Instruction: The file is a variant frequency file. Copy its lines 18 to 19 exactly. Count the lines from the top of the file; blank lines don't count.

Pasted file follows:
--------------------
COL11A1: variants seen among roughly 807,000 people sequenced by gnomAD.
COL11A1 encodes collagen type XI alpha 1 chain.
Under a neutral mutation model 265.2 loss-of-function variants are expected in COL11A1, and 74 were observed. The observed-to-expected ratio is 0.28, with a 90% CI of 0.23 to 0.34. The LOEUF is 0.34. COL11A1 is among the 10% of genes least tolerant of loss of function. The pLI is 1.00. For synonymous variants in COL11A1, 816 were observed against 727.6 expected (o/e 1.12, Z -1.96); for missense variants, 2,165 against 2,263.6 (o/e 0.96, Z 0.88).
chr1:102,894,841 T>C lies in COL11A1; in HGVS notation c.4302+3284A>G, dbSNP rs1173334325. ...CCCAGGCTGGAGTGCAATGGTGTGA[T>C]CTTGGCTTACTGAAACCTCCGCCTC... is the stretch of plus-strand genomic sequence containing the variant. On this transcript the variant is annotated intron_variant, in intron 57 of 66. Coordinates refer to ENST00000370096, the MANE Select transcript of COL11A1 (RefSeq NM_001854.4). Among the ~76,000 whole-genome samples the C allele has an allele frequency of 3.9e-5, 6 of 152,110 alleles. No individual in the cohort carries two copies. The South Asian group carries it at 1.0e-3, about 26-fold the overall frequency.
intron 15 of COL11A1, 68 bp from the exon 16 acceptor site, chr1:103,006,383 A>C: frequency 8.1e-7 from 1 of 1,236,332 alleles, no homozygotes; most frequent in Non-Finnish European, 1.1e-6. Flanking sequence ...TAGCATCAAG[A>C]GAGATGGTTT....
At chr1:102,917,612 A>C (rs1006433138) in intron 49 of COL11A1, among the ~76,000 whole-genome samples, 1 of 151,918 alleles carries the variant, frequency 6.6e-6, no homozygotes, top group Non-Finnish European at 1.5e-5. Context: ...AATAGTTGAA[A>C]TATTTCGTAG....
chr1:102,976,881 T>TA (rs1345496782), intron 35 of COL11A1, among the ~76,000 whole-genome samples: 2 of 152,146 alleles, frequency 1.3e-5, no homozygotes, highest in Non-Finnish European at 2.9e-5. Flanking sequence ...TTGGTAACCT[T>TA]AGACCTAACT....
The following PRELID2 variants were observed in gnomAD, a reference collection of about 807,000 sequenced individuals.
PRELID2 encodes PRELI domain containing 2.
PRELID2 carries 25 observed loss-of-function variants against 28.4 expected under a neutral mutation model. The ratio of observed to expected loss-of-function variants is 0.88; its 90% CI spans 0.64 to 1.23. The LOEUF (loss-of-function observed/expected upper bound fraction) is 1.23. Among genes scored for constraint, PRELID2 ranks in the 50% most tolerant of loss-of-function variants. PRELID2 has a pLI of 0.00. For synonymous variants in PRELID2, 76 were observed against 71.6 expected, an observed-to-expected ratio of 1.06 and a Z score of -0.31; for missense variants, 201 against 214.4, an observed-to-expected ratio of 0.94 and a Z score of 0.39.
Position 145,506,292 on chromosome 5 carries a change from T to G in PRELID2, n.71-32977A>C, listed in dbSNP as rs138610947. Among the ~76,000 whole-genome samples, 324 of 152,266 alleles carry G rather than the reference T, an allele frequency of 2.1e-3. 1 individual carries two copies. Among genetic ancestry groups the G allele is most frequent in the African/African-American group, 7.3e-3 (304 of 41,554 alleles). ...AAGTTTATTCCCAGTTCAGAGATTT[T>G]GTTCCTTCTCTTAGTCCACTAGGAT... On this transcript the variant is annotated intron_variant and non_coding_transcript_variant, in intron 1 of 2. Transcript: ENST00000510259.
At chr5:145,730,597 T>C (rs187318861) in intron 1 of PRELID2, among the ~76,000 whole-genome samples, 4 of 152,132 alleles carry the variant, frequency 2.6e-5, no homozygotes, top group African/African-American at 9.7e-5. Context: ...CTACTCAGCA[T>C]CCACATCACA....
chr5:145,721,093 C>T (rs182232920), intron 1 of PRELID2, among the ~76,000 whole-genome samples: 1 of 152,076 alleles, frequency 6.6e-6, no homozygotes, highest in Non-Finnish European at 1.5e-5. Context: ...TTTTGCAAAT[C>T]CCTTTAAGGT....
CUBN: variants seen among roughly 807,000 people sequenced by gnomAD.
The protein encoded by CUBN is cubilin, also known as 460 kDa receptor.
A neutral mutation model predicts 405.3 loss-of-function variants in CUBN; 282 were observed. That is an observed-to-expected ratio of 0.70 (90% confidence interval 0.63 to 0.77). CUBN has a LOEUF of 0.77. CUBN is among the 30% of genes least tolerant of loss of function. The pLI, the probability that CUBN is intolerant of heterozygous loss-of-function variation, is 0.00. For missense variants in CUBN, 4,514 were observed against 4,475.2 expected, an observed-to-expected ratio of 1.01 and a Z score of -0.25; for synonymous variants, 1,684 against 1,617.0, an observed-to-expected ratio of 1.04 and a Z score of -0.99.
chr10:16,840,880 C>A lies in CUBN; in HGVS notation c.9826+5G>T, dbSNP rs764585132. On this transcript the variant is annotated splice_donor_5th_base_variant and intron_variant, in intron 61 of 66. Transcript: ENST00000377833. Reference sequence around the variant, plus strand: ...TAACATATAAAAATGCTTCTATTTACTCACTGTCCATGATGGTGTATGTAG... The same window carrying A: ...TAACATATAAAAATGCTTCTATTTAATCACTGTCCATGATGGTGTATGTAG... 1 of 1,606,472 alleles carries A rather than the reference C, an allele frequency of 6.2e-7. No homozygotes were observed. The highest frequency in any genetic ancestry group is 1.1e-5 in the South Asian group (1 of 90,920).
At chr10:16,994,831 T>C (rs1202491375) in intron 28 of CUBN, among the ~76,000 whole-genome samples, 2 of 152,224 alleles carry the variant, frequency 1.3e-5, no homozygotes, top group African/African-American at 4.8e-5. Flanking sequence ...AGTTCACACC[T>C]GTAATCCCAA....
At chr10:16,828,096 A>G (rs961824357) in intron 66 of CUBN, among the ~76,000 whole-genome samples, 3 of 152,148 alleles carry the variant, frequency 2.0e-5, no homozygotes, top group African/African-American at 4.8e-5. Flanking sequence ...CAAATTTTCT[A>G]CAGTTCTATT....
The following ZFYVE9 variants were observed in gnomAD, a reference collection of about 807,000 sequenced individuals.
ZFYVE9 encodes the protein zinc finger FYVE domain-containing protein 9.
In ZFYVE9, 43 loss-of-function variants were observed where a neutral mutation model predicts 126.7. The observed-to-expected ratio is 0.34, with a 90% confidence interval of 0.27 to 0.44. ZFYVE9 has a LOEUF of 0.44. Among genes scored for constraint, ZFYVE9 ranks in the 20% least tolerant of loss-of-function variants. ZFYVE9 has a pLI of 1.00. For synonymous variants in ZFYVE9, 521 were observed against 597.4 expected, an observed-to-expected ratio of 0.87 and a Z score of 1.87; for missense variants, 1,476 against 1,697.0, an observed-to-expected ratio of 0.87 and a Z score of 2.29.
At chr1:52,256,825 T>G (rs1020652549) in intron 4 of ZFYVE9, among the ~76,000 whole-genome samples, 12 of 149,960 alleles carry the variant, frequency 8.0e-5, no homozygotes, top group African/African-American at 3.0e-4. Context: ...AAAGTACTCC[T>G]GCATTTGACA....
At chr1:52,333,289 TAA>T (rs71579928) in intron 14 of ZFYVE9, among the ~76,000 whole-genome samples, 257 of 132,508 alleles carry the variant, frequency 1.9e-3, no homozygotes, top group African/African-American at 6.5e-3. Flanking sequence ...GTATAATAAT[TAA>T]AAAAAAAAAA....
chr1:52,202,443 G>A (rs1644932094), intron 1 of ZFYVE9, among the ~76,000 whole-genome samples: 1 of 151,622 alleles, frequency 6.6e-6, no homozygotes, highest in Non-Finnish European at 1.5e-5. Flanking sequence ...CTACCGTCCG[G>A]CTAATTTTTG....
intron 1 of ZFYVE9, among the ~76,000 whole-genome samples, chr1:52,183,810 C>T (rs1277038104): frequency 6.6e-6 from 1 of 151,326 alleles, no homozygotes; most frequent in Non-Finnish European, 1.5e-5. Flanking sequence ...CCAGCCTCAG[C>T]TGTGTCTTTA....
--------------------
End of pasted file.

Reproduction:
At chr10:16,994,831 T>C (rs1202491375) in intron 28 of CUBN, among the ~76,000 whole-genome samples, 2 of 152,224 alleles carry the variant, frequency 1.3e-5, no homozygotes, top group African/African-American at 4.8e-5. Flanking sequence ...AGTTCACACC[T>C]GTAATCCCAA....
At chr10:16,828,096 A>G (rs961824357) in intron 66 of CUBN, among the ~76,000 whole-genome samples, 3 of 152,148 alleles carry the variant, frequency 2.0e-5, no homozygotes, top group African/African-American at 4.8e-5. Flanking sequence ...CAAATTTTCT[A>G]CAGTTCTATT....